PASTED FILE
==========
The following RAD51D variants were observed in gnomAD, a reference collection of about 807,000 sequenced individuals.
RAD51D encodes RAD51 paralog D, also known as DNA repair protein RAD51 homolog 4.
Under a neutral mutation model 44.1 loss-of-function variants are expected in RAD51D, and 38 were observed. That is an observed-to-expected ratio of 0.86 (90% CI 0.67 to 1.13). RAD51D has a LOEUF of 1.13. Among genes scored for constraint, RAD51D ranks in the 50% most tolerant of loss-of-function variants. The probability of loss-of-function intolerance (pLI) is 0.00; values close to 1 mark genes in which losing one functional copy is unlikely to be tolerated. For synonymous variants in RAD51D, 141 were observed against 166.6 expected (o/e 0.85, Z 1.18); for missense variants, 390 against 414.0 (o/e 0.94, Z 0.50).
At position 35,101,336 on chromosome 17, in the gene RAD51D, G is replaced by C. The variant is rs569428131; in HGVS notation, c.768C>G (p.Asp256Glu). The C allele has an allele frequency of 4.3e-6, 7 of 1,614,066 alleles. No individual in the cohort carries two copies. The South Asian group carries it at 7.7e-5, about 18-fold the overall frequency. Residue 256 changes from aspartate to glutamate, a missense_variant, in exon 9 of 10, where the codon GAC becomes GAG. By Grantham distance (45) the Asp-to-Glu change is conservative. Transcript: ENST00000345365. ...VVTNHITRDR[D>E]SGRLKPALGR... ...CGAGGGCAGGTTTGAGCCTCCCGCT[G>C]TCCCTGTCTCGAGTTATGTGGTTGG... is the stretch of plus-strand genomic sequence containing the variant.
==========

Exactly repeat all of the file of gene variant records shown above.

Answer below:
The following RAD51D variants were observed in gnomAD, a reference collection of about 807,000 sequenced individuals.
RAD51D encodes RAD51 paralog D, also known as DNA repair protein RAD51 homolog 4.
Under a neutral mutation model 44.1 loss-of-function variants are expected in RAD51D, and 38 were observed. That is an observed-to-expected ratio of 0.86 (90% CI 0.67 to 1.13). RAD51D has a LOEUF of 1.13. Among genes scored for constraint, RAD51D ranks in the 50% most tolerant of loss-of-function variants. The probability of loss-of-function intolerance (pLI) is 0.00; values close to 1 mark genes in which losing one functional copy is unlikely to be tolerated. For synonymous variants in RAD51D, 141 were observed against 166.6 expected (o/e 0.85, Z 1.18); for missense variants, 390 against 414.0 (o/e 0.94, Z 0.50).
At position 35,101,336 on chromosome 17, in the gene RAD51D, G is replaced by C. The variant is rs569428131; in HGVS notation, c.768C>G (p.Asp256Glu). The C allele has an allele frequency of 4.3e-6, 7 of 1,614,066 alleles. No individual in the cohort carries two copies. The South Asian group carries it at 7.7e-5, about 18-fold the overall frequency. Residue 256 changes from aspartate to glutamate, a missense_variant, in exon 9 of 10, where the codon GAC becomes GAG. By Grantham distance (45) the Asp-to-Glu change is conservative. Transcript: ENST00000345365. ...VVTNHITRDR[D>E]SGRLKPALGR... ...CGAGGGCAGGTTTGAGCCTCCCGCT[G>C]TCCCTGTCTCGAGTTATGTGGTTGG... is the stretch of plus-strand genomic sequence containing the variant.